Cytosolic iron chaperones: Proteins delivering iron cofactors in the cytosol of mammalian cells

Caroline C. Philpott, Moon Suhn Ryu, Avery Frey, Sarju Patel

Research output: Contribution to journalShort surveypeer-review

47 Scopus citations

Abstract

Eukaryotic cells contain hundreds of metalloproteins that are supported by intracellular systems coordinating the uptake and distribution of metal cofactors. Iron cofactors include heme, iron–sulfur clusters, and simple iron ions. Poly(rC)-binding proteins are multifunctional adaptors that serve as iron ion chaperones in the cytosolic/nuclear compartment, binding iron at import and delivering it to enzymes, for storage (ferritin) and export (ferroportin). Ferritin iron is mobilized by autophagy through the cargo receptor, nuclear co-activator 4. The monothiol glutaredoxin Glrx3 and BolA2 function as a [2Fe-2S] chaperone complex. These proteins form a core system of cytosolic iron cofactor chaperones in mammalian cells.

Original languageEnglish (US)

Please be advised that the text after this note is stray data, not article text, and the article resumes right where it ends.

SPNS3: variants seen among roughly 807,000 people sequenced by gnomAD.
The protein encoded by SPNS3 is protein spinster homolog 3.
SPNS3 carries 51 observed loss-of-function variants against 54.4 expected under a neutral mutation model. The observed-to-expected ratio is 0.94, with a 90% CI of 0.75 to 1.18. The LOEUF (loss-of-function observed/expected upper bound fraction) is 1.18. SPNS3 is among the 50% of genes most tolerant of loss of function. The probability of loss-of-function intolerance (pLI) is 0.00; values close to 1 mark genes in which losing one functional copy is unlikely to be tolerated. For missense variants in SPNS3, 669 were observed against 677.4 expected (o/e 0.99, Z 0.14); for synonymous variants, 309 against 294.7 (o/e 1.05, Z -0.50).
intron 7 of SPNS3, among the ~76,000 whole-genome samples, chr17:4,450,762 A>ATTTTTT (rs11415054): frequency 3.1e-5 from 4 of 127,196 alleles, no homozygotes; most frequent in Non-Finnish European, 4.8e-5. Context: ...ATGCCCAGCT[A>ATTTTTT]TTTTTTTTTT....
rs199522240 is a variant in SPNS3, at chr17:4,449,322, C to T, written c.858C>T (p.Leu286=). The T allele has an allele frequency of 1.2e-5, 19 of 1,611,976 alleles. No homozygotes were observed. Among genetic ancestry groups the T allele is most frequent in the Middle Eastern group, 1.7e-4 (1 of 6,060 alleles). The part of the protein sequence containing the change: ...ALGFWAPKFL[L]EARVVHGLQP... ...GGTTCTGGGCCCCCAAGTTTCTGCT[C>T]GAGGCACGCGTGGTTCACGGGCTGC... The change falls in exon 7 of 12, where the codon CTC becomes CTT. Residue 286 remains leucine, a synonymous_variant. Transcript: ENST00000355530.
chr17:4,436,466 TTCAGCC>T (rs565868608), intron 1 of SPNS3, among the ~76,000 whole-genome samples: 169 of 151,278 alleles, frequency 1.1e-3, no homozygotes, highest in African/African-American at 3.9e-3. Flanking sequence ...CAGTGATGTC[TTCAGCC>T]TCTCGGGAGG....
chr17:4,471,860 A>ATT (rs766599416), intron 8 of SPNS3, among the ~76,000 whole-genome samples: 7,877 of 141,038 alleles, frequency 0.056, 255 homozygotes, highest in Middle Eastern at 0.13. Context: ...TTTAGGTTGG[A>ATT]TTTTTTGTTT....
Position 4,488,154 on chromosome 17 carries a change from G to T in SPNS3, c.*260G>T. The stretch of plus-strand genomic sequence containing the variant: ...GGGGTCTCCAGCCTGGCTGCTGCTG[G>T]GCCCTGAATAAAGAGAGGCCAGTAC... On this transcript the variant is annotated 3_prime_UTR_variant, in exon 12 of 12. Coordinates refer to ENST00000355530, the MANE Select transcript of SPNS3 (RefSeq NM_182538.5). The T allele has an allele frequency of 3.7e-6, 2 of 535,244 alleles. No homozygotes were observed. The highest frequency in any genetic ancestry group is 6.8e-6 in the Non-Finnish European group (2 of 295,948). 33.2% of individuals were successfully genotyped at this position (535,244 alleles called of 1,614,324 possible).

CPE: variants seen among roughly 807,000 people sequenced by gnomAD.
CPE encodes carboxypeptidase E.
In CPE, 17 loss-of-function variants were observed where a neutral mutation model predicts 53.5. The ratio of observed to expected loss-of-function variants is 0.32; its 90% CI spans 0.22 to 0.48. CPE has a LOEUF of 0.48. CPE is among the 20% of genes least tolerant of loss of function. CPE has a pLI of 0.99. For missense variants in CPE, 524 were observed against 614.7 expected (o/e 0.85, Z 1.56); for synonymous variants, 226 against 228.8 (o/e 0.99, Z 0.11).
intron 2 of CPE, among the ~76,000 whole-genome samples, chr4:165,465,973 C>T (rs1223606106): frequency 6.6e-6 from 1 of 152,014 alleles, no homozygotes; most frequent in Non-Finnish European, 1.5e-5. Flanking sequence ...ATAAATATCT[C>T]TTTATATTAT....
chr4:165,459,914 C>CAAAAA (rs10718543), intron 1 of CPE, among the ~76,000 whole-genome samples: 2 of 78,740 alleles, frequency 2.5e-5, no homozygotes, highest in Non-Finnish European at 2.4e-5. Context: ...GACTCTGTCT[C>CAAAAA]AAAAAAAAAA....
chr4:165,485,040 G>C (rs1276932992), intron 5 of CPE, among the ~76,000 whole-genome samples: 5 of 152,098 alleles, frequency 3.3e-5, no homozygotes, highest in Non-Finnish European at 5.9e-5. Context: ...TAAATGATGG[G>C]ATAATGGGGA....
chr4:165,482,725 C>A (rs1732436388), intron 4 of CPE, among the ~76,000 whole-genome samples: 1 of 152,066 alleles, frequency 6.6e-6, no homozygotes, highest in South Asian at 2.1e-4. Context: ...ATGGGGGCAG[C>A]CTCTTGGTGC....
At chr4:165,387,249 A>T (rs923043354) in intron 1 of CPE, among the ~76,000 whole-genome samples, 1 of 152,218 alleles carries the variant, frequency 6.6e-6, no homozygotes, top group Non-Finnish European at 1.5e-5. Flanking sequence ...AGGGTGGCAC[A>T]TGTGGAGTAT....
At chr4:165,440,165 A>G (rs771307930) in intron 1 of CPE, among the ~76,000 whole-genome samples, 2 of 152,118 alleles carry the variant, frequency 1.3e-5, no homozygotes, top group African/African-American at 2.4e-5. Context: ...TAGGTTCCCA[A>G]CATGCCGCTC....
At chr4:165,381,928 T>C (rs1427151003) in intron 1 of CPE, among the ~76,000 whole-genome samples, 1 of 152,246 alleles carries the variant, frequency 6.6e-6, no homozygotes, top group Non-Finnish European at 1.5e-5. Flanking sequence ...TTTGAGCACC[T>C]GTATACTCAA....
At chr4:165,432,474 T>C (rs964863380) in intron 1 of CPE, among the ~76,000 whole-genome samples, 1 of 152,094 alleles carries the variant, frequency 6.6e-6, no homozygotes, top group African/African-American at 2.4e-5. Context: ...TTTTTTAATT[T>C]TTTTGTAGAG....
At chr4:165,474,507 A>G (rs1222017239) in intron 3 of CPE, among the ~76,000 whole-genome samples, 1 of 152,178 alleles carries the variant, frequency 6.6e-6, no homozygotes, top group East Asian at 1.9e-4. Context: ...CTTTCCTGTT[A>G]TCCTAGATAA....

Pages (from-to)12764-12771
Number of pages8
JournalJournal of Biological Chemistry
Volume292
Issue number31
DOIs
StatePublished - Aug 4 2017

Bibliographical note

Funding Information:
This work was supported by the Intramural Research Program of the NIDDK and the Office of Dietary Supplements, Office of the Director, National Institutes of Health. This is the fifth article in the Thematic Minireview series ?Metals in Biology 2017: Iron transport, storage, and the ramifications.? The authors declare that they have no conflicts of interest with the contents of this article. The content is solely the responsibility of the authors and does not necessarily represent the official views of the National Institutes of Health.

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